Pausanias, who was sitting next, then takes up the tale:—He says that Phaedrus should have distinguished the heavenly love from the earthly, before he praised either. For there are two loves, as there are two Aphrodites—one the daughter of Uranus, who has no mother and is the elder and wiser goddess, and the other, the daughter of Zeus and Dione, who is popular and common. The first of the two loves has a noble purpose, and delights only in the intelligent nature of man, and is faithful to the end, and has no shadow of wantonness or lust. The second is the coarser kind of love, which is a love of the body rather than of the soul, and is of women and boys as well as of men. Now the actions of lovers vary, like every other sort of action, according to the manner of their performance. And in different countries there is a difference of opinion about male loves. Some, like the Boeotians, approve of them; others, like the Ionians, and most of the barbarians, disapprove of them; partly because they are aware of the political dangers which ensue from them, as may be seen in the instance of Harmodius and Aristogeiton. At Athens and Sparta there is an apparent contradiction about them. For at times they are encouraged, and then the lover is allowed to play all sorts of fantastic tricks; he may swear and forswear himself (and 'at lovers' perjuries they say Jove laughs'); he may be a servant, and lie on a mat at the door of his love, without any loss of character; but there are also times when elders look grave and guard their young relations, and personal remarks are made. The truth is that some of these loves are disgraceful and others honourable. The vulgar love of the body which takes wing and flies away when the bloom of youth is over, is disgraceful, and so is the interested love of power or wealth; but the love of the noble mind is lasting. The lover should be tested, and the beloved should not be too ready to yield. The rule in our country is that the beloved may do the same service to the lover in the way of virtue which the lover may do to him.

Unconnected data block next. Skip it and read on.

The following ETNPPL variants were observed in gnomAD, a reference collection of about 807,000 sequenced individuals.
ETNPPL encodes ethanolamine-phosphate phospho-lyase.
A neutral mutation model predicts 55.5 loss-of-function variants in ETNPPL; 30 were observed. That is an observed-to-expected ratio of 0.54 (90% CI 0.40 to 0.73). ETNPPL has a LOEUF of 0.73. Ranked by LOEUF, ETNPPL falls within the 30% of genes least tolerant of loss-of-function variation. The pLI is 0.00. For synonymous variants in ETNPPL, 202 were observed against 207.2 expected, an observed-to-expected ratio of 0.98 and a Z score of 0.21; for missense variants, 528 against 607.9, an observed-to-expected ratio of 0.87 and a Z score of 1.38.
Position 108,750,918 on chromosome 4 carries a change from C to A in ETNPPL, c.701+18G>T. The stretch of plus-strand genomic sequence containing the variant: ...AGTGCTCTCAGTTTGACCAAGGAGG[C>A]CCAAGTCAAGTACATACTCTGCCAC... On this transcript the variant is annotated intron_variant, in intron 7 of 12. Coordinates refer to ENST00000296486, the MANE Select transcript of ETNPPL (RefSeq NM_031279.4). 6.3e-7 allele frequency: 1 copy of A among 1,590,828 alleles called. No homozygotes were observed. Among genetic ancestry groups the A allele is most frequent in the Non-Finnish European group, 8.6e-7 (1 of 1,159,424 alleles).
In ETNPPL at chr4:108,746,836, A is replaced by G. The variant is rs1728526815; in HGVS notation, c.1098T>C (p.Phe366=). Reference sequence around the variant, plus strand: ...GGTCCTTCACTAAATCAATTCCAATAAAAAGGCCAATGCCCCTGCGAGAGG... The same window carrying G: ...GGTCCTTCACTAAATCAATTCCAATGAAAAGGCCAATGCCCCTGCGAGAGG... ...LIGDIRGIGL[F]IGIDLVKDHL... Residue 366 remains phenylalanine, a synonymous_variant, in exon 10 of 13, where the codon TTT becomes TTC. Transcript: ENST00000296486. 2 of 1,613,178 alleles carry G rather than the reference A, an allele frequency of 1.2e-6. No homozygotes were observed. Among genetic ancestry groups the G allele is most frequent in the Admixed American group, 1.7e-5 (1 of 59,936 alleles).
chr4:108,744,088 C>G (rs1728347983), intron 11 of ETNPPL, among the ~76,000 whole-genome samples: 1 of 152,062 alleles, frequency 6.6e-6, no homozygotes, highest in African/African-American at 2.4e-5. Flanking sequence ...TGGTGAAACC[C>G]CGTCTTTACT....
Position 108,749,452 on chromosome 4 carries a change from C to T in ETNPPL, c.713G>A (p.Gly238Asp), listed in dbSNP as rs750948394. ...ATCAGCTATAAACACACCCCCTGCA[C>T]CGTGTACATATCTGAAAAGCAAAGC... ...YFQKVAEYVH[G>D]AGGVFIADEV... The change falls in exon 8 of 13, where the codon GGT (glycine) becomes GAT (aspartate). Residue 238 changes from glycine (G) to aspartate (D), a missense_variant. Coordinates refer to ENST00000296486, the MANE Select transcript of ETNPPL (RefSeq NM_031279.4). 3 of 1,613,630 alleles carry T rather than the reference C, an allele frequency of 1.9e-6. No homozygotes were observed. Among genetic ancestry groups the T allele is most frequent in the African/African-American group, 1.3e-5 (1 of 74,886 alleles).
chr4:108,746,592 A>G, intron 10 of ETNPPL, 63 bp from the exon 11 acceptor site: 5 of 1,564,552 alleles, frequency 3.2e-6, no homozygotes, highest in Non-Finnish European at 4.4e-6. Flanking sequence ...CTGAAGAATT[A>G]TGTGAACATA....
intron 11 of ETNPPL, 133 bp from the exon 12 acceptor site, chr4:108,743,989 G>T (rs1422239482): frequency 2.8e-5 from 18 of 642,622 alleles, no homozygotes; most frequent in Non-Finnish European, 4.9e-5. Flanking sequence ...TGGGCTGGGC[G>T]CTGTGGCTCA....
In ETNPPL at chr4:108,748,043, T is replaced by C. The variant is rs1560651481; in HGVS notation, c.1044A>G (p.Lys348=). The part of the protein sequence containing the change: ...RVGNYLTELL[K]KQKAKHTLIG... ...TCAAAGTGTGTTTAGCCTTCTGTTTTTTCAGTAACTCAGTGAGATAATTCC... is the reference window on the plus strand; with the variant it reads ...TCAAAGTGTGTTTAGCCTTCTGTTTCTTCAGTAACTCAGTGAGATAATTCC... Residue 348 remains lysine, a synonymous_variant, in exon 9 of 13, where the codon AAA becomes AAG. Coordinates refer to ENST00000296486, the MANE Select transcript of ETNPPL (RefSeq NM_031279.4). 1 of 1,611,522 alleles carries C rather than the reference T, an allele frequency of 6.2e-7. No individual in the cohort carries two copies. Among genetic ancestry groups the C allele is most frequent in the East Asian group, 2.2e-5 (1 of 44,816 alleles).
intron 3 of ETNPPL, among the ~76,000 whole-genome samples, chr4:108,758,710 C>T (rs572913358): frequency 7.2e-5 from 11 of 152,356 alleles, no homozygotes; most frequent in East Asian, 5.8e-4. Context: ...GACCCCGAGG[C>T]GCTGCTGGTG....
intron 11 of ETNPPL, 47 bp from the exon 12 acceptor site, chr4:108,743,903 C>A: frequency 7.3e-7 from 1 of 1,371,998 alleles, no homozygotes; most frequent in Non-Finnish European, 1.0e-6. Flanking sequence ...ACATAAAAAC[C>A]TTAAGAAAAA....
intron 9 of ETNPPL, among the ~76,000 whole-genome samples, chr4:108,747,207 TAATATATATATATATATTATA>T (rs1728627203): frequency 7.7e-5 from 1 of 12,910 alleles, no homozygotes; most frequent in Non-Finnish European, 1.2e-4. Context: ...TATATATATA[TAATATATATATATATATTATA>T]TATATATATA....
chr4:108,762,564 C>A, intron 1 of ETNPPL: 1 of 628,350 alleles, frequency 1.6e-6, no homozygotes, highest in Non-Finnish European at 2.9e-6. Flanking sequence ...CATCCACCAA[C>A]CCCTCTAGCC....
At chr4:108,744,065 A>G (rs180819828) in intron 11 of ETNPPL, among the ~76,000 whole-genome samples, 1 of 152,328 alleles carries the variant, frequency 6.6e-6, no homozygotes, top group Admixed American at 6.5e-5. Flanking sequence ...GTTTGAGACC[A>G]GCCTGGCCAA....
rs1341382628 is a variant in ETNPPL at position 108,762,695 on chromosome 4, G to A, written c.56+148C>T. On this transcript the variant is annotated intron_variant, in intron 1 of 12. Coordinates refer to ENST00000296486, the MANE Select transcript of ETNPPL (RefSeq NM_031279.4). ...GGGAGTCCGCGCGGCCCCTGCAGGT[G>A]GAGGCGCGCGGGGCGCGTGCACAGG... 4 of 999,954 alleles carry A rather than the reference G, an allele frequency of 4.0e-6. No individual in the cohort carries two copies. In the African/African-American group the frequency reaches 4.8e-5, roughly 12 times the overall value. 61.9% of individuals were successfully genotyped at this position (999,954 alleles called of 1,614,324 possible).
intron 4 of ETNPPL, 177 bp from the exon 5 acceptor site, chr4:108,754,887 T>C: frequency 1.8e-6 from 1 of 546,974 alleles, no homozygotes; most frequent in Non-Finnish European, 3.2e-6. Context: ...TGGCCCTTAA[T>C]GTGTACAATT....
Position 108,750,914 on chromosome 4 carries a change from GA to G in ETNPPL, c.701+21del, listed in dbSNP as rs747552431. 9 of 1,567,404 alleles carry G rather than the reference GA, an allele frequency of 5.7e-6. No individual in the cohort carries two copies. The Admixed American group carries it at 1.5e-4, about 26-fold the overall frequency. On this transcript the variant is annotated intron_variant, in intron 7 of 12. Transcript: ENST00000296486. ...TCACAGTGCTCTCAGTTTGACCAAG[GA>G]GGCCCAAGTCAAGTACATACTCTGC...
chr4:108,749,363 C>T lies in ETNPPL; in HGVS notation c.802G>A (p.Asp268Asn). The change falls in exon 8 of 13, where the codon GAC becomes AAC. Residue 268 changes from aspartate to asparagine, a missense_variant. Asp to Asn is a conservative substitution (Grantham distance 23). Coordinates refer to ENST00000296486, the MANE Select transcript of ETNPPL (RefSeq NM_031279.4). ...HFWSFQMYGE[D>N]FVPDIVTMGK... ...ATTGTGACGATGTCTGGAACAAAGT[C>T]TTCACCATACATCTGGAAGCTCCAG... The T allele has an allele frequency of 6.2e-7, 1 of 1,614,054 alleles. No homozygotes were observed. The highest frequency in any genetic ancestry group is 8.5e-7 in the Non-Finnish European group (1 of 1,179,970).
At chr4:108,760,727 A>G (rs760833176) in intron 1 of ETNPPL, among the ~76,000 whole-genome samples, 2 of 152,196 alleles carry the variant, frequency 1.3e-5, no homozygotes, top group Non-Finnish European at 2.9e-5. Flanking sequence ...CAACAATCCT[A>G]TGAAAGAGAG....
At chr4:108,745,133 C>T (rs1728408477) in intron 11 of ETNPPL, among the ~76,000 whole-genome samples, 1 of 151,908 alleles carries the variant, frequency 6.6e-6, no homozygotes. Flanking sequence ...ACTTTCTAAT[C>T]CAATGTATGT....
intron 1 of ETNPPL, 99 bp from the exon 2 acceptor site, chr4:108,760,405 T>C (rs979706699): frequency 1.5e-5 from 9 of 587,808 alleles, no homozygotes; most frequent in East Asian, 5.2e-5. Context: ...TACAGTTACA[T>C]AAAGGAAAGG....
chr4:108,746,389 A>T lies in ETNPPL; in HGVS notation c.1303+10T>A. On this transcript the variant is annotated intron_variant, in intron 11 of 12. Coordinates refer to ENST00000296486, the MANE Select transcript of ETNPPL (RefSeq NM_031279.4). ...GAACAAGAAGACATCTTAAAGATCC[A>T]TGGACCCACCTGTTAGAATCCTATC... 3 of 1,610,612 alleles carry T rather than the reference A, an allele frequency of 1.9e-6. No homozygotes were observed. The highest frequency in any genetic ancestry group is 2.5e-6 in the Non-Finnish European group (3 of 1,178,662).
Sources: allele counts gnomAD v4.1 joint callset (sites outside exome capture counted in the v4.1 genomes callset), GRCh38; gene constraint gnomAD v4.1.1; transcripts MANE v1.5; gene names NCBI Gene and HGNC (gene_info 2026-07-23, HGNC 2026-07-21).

A voluntary service to be rendered for the sake of virtue and wisdom is permitted among us; and when these two customs—one the love of youth, the other the practice of virtue and philosophy—meet in one, then the lovers may lawfully unite. Nor is there any disgrace to a disinterested lover in being deceived: but the interested lover is doubly disgraced, for if he loses his love he loses his character; whereas the noble love of the other remains the same, although the object of his love is unworthy: for nothing can be nobler than love for the sake of virtue. This is that love of the heavenly goddess which is of great price to individuals and cities, making them work together for their improvement.